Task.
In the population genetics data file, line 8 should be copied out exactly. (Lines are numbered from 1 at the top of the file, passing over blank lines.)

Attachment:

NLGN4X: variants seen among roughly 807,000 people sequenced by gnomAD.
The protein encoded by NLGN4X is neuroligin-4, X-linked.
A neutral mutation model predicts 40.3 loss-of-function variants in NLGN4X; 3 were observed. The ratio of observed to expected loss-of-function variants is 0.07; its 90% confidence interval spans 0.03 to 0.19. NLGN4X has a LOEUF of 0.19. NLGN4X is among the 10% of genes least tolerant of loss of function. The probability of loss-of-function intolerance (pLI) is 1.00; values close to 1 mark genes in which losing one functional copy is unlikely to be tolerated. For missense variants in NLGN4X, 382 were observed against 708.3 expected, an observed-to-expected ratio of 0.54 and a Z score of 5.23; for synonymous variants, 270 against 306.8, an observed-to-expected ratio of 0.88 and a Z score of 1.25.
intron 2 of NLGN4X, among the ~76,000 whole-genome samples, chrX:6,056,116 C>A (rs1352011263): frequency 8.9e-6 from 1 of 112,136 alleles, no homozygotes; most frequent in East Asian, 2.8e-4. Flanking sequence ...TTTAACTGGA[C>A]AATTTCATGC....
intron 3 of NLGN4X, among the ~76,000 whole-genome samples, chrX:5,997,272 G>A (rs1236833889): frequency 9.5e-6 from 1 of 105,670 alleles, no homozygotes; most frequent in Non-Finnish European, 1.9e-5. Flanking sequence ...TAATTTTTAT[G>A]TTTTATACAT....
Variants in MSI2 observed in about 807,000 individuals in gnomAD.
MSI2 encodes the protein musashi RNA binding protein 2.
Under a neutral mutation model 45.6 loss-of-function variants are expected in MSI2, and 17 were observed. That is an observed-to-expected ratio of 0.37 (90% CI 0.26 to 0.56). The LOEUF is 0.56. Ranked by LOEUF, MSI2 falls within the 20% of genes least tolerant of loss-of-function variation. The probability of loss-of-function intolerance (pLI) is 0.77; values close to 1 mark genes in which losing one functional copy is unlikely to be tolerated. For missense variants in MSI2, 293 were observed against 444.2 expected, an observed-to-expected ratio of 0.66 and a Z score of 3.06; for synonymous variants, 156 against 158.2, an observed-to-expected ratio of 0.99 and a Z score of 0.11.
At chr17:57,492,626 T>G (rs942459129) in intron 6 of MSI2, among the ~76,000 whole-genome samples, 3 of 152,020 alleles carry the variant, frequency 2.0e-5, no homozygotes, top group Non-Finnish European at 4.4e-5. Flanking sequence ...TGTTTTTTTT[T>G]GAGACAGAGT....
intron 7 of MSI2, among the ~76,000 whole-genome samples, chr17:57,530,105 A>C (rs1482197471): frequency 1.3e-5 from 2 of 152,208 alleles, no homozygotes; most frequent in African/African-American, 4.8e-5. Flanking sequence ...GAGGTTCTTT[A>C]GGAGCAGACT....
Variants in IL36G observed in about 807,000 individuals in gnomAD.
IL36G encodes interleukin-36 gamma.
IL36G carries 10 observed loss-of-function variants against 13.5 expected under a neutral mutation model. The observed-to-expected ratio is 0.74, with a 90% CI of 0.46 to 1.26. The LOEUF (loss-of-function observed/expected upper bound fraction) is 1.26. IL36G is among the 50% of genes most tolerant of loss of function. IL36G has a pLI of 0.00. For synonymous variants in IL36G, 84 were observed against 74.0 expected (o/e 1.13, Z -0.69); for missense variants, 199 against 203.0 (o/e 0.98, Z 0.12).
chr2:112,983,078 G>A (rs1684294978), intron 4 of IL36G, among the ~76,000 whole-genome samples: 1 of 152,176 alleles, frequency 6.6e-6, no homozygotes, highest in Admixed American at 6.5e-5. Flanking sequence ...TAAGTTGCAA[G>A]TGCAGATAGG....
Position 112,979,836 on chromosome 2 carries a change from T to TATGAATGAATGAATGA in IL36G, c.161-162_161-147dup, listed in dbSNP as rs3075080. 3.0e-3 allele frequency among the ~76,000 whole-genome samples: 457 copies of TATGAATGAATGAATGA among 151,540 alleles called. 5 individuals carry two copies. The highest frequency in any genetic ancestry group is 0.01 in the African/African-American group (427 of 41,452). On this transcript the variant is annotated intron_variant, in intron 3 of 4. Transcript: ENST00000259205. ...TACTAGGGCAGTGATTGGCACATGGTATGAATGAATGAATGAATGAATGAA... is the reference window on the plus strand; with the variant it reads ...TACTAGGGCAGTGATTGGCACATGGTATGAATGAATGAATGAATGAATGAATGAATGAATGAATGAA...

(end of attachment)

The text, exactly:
Under a neutral mutation model 45.6 loss-of-function variants are expected in MSI2, and 17 were observed. That is an observed-to-expected ratio of 0.37 (90% CI 0.26 to 0.56). The LOEUF is 0.56. Ranked by LOEUF, MSI2 falls within the 20% of genes least tolerant of loss-of-function variation. The probability of loss-of-function intolerance (pLI) is 0.77; values close to 1 mark genes in which losing one functional copy is unlikely to be tolerated. For missense variants in MSI2, 293 were observed against 444.2 expected, an observed-to-expected ratio of 0.66 and a Z score of 3.06; for synonymous variants, 156 against 158.2, an observed-to-expected ratio of 0.99 and a Z score of 0.11.